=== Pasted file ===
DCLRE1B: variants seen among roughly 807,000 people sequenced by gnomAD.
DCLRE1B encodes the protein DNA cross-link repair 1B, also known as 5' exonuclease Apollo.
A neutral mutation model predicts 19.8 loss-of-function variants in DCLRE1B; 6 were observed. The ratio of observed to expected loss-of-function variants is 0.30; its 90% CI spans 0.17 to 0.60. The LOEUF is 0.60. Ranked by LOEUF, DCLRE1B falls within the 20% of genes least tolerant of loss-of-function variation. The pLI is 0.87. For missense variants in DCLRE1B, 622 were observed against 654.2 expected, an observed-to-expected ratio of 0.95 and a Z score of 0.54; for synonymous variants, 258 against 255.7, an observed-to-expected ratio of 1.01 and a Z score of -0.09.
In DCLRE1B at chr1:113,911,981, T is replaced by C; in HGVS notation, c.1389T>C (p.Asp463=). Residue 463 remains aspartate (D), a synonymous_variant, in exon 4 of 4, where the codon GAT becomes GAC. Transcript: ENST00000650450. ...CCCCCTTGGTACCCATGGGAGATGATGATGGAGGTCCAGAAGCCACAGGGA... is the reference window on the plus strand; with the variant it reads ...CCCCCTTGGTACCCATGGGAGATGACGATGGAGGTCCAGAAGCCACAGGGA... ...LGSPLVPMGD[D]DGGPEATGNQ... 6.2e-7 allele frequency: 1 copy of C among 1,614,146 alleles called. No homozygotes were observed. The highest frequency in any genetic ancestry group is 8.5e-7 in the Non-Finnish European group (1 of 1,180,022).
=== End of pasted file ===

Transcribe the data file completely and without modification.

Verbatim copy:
DCLRE1B: variants seen among roughly 807,000 people sequenced by gnomAD.
DCLRE1B encodes the protein DNA cross-link repair 1B, also known as 5' exonuclease Apollo.
A neutral mutation model predicts 19.8 loss-of-function variants in DCLRE1B; 6 were observed. The ratio of observed to expected loss-of-function variants is 0.30; its 90% CI spans 0.17 to 0.60. The LOEUF is 0.60. Ranked by LOEUF, DCLRE1B falls within the 20% of genes least tolerant of loss-of-function variation. The pLI is 0.87. For missense variants in DCLRE1B, 622 were observed against 654.2 expected, an observed-to-expected ratio of 0.95 and a Z score of 0.54; for synonymous variants, 258 against 255.7, an observed-to-expected ratio of 1.01 and a Z score of -0.09.
In DCLRE1B at chr1:113,911,981, T is replaced by C; in HGVS notation, c.1389T>C (p.Asp463=). Residue 463 remains aspartate (D), a synonymous_variant, in exon 4 of 4, where the codon GAT becomes GAC. Transcript: ENST00000650450. ...CCCCCTTGGTACCCATGGGAGATGATGATGGAGGTCCAGAAGCCACAGGGA... is the reference window on the plus strand; with the variant it reads ...CCCCCTTGGTACCCATGGGAGATGACGATGGAGGTCCAGAAGCCACAGGGA... ...LGSPLVPMGD[D]DGGPEATGNQ... 6.2e-7 allele frequency: 1 copy of C among 1,614,146 alleles called. No homozygotes were observed. The highest frequency in any genetic ancestry group is 8.5e-7 in the Non-Finnish European group (1 of 1,180,022).